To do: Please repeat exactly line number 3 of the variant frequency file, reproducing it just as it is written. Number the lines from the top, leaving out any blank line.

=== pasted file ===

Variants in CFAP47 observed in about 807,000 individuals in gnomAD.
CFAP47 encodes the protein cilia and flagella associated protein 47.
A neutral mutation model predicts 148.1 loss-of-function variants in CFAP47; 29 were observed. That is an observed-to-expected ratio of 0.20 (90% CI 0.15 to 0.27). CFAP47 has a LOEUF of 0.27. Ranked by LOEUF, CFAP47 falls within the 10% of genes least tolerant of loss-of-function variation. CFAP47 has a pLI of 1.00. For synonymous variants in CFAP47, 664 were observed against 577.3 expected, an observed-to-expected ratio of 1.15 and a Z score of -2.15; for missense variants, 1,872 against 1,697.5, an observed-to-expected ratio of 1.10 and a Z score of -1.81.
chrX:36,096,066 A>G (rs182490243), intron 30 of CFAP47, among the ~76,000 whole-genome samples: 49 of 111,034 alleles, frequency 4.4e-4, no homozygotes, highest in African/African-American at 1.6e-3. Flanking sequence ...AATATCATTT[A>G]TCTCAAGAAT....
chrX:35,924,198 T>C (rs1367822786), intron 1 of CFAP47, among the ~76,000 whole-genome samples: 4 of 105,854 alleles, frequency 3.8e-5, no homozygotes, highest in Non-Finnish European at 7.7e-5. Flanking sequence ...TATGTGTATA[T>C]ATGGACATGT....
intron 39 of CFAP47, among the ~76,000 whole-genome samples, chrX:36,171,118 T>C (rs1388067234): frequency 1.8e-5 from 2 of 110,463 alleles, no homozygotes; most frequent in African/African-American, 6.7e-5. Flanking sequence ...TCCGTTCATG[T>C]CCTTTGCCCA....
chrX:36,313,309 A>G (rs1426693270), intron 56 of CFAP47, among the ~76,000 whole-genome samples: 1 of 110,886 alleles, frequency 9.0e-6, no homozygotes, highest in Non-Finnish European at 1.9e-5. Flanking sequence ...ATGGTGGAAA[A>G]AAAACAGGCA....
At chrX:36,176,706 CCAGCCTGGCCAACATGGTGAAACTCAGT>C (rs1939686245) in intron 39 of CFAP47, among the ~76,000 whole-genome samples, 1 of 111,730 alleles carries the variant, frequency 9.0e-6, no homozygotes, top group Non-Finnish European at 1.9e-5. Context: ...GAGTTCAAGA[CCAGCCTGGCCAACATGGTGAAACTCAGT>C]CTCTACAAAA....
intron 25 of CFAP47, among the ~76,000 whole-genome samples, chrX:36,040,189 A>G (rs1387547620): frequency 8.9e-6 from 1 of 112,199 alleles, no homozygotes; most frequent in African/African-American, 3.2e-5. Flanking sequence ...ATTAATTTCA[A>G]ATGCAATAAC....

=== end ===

A neutral mutation model predicts 148.1 loss-of-function variants in CFAP47; 29 were observed. That is an observed-to-expected ratio of 0.20 (90% CI 0.15 to 0.27). CFAP47 has a LOEUF of 0.27. Ranked by LOEUF, CFAP47 falls within the 10% of genes least tolerant of loss-of-function variation. CFAP47 has a pLI of 1.00. For synonymous variants in CFAP47, 664 were observed against 577.3 expected, an observed-to-expected ratio of 1.15 and a Z score of -2.15; for missense variants, 1,872 against 1,697.5, an observed-to-expected ratio of 1.10 and a Z score of -1.81.